Should You Replace or Maintain Your Legacy System?

As CIO, eventually you will face the decision of whether to replace or maintain your legacy system. Outdated hardware, rising security threats, and digital transformation goals might propel you toward a replacement. On the other hand, proven reliability and ROI issues may make maintaining your current system the better option. Not wanting to stifle innovation efforts and competing financial needs make this decision a challenging one.

The key to making this impactful decision is to understand which systems might be hindering organizational performance as well as those opportunities that may increase efficiency and cost-effectiveness. Let us take a look at the benefits of maintaining versus replacing your IT legacy system.

The Case to Replace

Several reasons make replacing legacy systems a smart move. Most importantly, the system should be replaced if it creates a security risk. Significant security vulnerabilities can stop an organization dead in its tracks. You may not be able to patch some legacy systems if vendors do not release new patches, for example.

Another must-replace scenario is when the legacy system carries a high risk of failure. For instance, if the system has no vendor support, is highly customized without thorough documentation, or was created with obsolete programming languages, replacement may be your only option.

A pricey system is yet another reason to make a switch. All systems incur costs, but if the maintenance costs exceed their business value, it is time to replace them. Avoid letting the cost of upkeep hinder innovation by calculating whether the system is approaching or has surpassed its total value.

Finally, replacement is ideal when the system no longer supports your organization’s future goals. What is the vision for your company? CIOs should place their focus here when determining a modernization strategy. If the current system will hinder company growth, it is time to move on.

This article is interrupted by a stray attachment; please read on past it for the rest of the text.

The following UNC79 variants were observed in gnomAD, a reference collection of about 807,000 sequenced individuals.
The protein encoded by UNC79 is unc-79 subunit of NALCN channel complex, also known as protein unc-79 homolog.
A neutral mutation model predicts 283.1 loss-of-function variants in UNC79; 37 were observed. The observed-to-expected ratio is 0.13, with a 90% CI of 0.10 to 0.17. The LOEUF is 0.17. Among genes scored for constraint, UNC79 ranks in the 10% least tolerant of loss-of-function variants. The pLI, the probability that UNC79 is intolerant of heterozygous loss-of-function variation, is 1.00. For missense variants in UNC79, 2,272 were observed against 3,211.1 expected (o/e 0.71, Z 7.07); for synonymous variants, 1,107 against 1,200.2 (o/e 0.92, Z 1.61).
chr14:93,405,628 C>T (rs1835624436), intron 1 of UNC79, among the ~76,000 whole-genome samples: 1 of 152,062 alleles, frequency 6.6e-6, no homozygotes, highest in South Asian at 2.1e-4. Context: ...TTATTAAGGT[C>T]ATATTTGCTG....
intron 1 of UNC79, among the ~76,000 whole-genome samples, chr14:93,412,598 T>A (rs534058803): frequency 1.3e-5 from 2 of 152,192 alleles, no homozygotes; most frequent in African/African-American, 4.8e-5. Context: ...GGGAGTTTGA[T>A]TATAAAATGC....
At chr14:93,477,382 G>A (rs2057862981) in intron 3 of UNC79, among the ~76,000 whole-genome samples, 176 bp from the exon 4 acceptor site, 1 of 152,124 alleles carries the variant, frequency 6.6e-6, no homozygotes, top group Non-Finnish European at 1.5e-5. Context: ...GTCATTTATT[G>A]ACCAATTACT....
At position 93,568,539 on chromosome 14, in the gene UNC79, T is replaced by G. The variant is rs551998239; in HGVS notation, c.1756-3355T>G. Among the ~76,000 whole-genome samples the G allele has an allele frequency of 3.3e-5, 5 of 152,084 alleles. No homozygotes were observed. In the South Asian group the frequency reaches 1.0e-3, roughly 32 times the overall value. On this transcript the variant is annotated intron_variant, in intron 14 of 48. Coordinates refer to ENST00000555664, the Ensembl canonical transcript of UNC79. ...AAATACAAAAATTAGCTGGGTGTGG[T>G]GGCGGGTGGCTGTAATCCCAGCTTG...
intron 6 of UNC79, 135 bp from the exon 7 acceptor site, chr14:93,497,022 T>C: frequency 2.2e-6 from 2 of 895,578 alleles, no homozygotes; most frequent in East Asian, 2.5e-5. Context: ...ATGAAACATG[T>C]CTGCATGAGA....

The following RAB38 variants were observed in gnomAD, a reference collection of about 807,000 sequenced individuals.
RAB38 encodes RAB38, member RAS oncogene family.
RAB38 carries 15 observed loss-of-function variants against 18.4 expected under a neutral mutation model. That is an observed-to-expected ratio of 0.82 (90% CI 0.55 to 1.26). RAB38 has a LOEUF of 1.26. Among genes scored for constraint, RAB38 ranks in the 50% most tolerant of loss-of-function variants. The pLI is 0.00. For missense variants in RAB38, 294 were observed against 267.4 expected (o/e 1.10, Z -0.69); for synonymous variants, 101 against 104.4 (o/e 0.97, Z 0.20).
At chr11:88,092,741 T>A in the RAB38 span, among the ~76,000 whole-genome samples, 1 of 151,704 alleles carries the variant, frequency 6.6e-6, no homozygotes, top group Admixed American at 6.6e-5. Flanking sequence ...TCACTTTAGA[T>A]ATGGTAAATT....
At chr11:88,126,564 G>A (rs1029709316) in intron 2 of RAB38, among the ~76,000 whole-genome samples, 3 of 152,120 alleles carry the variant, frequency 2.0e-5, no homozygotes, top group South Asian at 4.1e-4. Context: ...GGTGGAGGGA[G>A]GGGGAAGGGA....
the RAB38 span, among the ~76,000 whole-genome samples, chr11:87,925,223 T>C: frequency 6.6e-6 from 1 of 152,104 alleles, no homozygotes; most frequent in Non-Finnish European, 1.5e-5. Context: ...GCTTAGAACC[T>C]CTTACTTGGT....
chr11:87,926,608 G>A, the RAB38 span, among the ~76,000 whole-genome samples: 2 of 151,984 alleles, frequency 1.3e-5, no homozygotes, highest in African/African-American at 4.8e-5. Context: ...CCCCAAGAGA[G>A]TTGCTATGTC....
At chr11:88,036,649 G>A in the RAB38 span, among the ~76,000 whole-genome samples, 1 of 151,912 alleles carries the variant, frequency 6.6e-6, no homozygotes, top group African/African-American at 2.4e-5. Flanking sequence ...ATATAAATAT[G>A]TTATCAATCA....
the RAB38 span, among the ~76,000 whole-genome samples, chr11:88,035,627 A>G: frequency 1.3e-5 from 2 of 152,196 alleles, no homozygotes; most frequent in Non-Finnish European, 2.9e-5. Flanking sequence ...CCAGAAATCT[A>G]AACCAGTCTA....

Stay the Course and Maintain

If replacement does not align with your strategic goals, the right circumstances can make legacy system maintenance the better choice for your company. For example, the current system may meet your organization’s needs without limiting its competitiveness. The extra workload of replacing legacy systems with upgrades, such as AI functionality, that your team is not ready to use may not be worth it.

All systems carry certain risks, and keeping your current system makes sense if it has an acceptable level of risk. Perhaps the system is only used for noncritical back-office tasks. Or, you have access to the talent required to keep it running. These conditions may make replacement a lower priority.

Finally, maintaining the current system may be ideal if some of its priorities can be moved to other systems or discontinued. If the legacy system does not fit into the company’s long-term strategy, or if the processes it supports will be sunsetted, maintaining the system can keep valuable resources accessible without added cost. Replacing a system your organization will not need on a regular basis is not cost-effective, and you should allocate resources elsewhere.

To wrap up, the answer to whether to replace or maintain a legacy system is like many decisions – it depends. Both options offer benefits, but ROI will always be a driving force in your ultimate choice. Key Concepts Knowledgebase’s expert CIO services can assist you in making challenging decisions such as this. Reach out to discuss your IT goals and  questions – we’re here to help.


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